Release Date:
Release ID: 938

New rail freight service for Scotland

A new freight train service which will remove 260 lorry journeys every week from Scotland's busy road network was launched on 19th September 2006.

The first train was launched from Daventry in England at 1100 hours, arriving at Grangemouth rail freight terminal after 2200 hours.

Minister for Transport Tavish Scott said:

"I am delighted to see major players like Tesco and Eddie Stobart Ltd seizing the initiative in switching so much heavy freight from road to rail.

"Not only will this scheme significantly reduce pressure on our road network, but the removal of so many lorries from our roads also has clear environmental benefits.

"This devolved government is committed to getting freight off our roads and onto our railways and waterways and since 1999 our freight grant schemes have made considerable strides in doing just that.

"I will shortly launch a Freight Action Plan for Scotland and I would like to see more businesses think about their freight priorities."

The Executive has awarded a Freight Facilities Grant (FFG) of £200,000 to Eddie Stobart Ltd to contribute to the capital cost of purchasing 90 intermodal containers for the movement of Tesco traffic on rail between Daventry and Grangemouth. The containers are directly transferable from lorries onto trains.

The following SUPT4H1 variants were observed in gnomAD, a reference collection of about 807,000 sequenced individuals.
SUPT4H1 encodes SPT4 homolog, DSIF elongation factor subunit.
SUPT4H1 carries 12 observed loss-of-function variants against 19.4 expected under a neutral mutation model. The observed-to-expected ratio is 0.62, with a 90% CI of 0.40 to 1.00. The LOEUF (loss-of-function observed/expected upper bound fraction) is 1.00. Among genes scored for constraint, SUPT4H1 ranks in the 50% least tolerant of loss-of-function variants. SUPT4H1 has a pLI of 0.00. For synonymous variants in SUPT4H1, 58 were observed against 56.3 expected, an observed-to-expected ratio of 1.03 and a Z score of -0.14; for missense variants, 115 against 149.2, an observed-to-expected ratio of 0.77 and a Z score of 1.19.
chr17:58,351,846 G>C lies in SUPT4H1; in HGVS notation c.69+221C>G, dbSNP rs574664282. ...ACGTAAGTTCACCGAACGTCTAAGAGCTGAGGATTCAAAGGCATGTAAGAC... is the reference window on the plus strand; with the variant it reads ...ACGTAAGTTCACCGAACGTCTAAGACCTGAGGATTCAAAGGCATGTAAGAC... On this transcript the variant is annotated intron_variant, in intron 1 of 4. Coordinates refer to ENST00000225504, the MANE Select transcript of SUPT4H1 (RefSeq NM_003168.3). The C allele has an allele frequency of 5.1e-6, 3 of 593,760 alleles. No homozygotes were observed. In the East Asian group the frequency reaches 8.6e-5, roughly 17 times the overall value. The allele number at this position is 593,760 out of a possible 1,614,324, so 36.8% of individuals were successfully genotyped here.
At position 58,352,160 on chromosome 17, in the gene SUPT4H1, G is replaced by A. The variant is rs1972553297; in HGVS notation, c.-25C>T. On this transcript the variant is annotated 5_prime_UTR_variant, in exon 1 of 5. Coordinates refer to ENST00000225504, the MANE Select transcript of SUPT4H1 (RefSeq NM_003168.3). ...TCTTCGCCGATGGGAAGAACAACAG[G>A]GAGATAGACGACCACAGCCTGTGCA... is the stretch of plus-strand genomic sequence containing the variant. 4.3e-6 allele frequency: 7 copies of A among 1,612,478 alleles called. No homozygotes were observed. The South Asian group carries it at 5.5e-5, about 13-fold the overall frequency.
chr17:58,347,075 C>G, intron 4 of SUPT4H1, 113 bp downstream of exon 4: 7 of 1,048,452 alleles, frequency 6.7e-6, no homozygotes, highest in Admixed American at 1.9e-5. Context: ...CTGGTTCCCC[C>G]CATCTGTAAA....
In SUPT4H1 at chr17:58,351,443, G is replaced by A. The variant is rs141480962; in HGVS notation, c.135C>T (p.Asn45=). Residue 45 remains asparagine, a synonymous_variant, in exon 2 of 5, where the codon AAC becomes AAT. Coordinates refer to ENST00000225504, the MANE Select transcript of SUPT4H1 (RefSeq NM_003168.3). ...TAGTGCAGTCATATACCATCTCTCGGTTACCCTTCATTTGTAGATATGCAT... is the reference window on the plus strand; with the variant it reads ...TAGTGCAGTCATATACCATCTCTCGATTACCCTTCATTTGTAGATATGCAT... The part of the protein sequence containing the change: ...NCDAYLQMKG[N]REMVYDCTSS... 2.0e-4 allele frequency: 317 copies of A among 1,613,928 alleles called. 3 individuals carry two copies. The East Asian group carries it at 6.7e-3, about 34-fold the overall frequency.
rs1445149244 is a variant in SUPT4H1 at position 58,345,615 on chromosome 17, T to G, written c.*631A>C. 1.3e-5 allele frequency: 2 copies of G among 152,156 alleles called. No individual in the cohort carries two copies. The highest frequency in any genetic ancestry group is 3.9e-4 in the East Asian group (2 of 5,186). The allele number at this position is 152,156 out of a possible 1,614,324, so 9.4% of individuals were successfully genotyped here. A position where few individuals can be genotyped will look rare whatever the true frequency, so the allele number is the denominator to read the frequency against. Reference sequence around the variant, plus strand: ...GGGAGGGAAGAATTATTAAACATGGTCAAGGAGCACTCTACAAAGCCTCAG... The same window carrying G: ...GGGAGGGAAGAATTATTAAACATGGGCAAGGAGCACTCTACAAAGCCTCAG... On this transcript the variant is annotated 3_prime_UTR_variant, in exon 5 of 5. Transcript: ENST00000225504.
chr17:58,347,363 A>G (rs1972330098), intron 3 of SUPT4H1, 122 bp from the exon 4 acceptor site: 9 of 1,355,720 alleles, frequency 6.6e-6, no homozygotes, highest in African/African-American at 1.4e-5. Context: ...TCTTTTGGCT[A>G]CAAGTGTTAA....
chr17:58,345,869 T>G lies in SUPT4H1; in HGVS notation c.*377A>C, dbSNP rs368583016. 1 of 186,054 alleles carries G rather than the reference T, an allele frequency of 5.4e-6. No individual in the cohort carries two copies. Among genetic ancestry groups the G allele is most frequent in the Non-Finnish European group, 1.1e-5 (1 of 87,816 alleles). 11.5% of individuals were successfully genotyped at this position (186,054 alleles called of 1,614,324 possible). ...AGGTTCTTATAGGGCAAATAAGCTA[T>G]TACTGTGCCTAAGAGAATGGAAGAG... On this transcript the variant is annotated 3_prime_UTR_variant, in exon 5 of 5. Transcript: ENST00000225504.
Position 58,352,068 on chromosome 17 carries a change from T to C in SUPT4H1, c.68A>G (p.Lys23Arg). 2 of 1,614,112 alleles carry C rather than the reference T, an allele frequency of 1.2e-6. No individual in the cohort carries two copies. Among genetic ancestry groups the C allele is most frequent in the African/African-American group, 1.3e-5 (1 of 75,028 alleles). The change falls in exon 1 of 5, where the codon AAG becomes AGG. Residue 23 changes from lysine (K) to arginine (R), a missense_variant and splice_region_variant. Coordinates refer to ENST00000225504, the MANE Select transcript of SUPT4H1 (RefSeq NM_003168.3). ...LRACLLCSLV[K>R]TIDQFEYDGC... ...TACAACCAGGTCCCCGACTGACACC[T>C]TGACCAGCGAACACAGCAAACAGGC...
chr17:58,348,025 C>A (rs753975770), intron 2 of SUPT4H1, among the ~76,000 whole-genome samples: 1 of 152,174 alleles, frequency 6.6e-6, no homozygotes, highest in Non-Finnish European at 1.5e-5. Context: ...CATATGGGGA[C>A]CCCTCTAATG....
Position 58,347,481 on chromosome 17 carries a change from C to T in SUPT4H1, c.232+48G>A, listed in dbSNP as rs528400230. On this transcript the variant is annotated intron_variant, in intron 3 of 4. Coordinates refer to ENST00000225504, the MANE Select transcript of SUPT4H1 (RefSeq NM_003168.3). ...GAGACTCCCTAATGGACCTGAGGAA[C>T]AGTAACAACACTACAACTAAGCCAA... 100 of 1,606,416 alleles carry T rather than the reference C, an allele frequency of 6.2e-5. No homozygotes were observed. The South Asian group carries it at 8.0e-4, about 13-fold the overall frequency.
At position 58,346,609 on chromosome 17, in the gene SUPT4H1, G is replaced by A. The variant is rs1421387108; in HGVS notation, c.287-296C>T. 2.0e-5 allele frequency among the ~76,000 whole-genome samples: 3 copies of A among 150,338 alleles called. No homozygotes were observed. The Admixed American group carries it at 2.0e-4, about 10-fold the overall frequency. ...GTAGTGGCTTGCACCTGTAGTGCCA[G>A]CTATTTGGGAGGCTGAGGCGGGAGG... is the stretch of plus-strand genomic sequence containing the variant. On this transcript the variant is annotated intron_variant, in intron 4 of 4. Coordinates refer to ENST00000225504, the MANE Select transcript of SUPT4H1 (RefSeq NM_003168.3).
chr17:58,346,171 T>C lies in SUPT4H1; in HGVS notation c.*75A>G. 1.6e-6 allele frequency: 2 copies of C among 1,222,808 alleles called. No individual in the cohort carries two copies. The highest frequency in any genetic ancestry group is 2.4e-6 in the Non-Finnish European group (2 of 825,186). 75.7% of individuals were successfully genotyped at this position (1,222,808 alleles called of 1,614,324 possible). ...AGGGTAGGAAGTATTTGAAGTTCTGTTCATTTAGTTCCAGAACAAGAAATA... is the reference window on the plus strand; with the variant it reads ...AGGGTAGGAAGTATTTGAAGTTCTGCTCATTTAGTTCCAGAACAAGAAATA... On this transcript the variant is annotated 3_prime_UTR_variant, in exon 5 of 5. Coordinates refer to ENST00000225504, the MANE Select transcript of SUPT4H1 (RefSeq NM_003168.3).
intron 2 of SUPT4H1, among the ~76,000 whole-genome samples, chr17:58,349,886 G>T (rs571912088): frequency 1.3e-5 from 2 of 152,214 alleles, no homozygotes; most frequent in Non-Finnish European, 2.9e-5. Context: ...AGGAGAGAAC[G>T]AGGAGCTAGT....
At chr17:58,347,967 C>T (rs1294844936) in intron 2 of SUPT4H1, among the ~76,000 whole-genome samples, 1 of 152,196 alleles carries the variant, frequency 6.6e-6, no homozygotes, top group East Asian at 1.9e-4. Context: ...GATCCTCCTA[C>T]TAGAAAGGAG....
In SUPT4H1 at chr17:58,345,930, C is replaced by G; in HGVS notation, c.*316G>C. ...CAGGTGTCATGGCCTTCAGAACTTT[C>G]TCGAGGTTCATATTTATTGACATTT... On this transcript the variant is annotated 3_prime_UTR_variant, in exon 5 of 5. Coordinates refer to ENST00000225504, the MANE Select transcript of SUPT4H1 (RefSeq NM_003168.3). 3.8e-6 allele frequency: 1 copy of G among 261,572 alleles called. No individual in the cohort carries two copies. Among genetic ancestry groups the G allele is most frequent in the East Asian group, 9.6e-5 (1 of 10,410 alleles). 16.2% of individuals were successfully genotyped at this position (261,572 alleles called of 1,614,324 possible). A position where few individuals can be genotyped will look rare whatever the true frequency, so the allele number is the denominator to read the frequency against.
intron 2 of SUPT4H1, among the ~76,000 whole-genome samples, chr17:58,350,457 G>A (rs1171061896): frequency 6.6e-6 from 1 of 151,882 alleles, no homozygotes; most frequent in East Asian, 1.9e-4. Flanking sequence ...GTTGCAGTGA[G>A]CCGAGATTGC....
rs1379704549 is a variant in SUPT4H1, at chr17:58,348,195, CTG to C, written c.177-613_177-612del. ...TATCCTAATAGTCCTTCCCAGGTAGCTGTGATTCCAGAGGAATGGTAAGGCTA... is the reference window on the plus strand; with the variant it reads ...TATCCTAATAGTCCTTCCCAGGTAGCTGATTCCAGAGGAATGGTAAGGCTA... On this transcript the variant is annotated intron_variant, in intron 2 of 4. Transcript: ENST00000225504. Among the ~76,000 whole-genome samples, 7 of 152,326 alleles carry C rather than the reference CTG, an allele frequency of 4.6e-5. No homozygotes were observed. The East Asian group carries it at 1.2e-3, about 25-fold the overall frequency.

Every weekday, ESL will collect goods from Tesco sites around the Daventry area; deliver them to Daventry International Rail Freight Terminal (DIRFT) where they will be loaded onto the train bound for Grangemouth Rail Terminal. Leaving at 06.31, the train will arrive at 16.06 in Grangemouth, from where the goods will then be delivered by road to Tesco's Distribution Centre at Livingston. The service will be repeated in reverse each day, with the train leaving Grangemouth at 18.11 and arriving back at DIRFT at 02.57.

The Department for Transport has also provided Company Neutral Revenue Support (CNRS) of £235,130 to Eddie Stobart Ltd. This grant scheme provides revenue support to freight operators for the transport of inter-modal containers by rail rather than road. Tavish Scott announced on April 12 that all future applications for CNRS in Scotland will be administered by the Executive.

Awards of FFG are based on the environmental benefits which are generated by transferring freight from road to rail and water. This particular project is expected to generate almost £3 million of environmental benefits over a three year period.


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